As for the fact that Mr Fekry will be giving oral evidence, I bear in mind that this is something which will undoubtedly have to be considered very carefully by all those involved in the trial process and poses some degree of difficulty. However it can and must be managed. Were the position to be otherwise, the applicant for relief from sanctions in a position such as this, and by that I mean seeking to add very significant fresh additional arguments from a witness is due to give other evidence, would always hold the trump card and relief axiomatically follow. That cannot be right.
Overall, the effects of the breach, in my judgement, would be at the very least to seriously undermine the proper preparation of a trial to the likely prejudice of the claimant. If, as it seems to me must be in some doubt, the trial date can be kept, the claimant faces having to do too much in too short a time.
I now turn to another relevant factor to be weighed into the balance; delay. Delay in the making of this application has unarguably caused avoidable impact on the progression of the claim.
As I have said, the use of retractors should have been dealt with in the first witness statement served now approaching 11 months ago. However, there has been further delay and such delay has been significant.
On 2 October 2015, liability reports were exchanged and Mr Bridle’s opinion was known to the Defendant. It is said that that provoked the instruction of leading counsel. 2 October is now over seven months ago. The report having been received, it was not sent on to Mr Fekry for at least two months. I take that from paragraph nine of Ms Hemming’s statement. There is no explanation for the delay.
I should also add that I do not accept on the limited evidence before me that 12 February 2016 was the earliest opportunity for a consultation with leading counsel. In the absence of detail, it seems to me it was clearly an excessive period, bearing in mind the approaching trial date.
In any event, and my view, most importantly, once it was appreciated there was a lacuna in the defendant’s case, and additional matters needed to be before the court an immediate application should have been made in February of this year, to rectify the position. That was nearly three months ago. I do not accept in the face of a June trial date that it takes from 12 February to 25 April to produce a further witness statement, particularly having regard to the fact that Mr Fekry had already set out the relevant details in a letter. I say this bearing in mind that Mr Fekry is now resident in Egypt. I simply do not understand in this context what is meant by the ‘inevitable time taken by lawyers’ being the significant factor in this. Given the urgency it was simply not properly addressed. Mr Fekry’s ill health has been mentioned as a factor but with no real detail and, significantly, it is not a matter raised by Mr Fekry himself.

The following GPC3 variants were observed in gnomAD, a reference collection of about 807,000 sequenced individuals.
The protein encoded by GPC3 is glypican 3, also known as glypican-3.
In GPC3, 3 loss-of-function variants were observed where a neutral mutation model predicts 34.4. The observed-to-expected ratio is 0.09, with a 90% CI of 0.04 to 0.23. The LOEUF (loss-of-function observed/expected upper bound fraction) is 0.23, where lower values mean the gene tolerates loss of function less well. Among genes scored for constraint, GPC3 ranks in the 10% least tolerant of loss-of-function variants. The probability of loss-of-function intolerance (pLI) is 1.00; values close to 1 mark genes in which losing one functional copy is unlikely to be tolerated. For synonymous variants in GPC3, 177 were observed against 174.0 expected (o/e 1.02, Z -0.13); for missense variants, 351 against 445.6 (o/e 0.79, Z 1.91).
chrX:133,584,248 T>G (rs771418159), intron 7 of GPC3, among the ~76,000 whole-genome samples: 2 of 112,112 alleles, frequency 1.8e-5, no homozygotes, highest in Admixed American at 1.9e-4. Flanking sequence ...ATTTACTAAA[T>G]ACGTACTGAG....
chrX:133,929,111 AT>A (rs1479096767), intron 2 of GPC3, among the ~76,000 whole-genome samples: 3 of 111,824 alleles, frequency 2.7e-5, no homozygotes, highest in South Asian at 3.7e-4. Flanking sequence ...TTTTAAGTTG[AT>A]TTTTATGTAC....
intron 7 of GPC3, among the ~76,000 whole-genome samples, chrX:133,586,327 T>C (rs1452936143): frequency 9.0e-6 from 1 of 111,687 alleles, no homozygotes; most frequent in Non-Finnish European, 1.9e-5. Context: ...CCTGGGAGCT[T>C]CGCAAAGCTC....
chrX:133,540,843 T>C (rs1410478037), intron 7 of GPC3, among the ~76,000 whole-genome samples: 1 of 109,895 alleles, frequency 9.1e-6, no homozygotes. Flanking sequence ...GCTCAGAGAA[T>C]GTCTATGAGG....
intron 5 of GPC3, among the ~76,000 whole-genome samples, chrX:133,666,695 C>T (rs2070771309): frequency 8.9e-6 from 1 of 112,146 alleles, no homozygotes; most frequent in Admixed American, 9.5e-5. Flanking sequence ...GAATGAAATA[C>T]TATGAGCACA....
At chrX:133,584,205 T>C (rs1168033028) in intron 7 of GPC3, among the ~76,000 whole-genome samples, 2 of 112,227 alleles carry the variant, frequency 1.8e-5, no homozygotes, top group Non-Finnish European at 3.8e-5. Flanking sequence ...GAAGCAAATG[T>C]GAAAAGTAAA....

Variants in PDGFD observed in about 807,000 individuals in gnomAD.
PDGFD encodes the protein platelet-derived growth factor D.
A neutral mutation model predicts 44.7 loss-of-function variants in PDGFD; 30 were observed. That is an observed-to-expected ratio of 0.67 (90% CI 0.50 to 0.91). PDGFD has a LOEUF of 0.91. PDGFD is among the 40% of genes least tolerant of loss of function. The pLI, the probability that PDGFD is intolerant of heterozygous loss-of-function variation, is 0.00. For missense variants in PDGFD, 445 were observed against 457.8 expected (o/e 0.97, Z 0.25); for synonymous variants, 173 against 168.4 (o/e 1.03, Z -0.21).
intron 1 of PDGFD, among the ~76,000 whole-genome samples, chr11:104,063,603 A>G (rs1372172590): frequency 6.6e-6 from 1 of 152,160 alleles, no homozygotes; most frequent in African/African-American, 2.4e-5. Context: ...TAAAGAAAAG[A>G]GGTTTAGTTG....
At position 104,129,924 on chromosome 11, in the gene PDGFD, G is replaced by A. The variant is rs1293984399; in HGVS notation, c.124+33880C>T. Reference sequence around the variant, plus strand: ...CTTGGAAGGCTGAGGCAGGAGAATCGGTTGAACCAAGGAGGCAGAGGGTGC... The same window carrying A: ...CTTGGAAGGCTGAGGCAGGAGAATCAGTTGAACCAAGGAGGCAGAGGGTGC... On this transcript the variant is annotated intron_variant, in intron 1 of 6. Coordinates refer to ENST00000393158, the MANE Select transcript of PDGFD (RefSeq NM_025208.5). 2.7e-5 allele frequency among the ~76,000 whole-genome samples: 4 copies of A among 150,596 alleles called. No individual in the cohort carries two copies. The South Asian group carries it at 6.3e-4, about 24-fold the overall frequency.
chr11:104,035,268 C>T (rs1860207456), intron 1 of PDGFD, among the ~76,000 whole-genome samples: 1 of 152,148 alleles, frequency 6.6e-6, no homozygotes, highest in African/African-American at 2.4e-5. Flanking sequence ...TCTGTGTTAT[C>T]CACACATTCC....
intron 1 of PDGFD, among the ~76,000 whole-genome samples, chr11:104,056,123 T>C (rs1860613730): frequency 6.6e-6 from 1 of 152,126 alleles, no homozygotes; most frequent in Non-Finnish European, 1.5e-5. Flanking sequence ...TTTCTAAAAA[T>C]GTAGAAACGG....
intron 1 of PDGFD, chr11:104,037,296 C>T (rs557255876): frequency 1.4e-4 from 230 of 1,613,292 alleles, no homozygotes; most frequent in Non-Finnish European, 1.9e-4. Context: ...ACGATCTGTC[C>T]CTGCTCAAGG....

It is, in my view, to say the least remarkable and regrettable that, whilst a new statement was being prepared, not only was the application not made, but the possibility was not even raised by anyone on behalf of the defendant, including during the doubtless exchanges of correspondence on issues between the solicitors and indeed the discussions between counsel in relation to the agenda for experts. The explanation for this is that it was deliberate; it is stated
‘We did not want to delay matters if it was not going to be possible to finalise a statement’.
This is, in my judgement, quite unacceptable as a litigation tactic. It was very far from the cards on the table approach to litigation the court is entitled to expect from litigators experienced in this field. It risked prejudicing the litigation and wasting costs and was a risk taken because it was no doubt appreciated that when put on notice of any potential further evidence, the claimant may well have made a pre‑emptory application.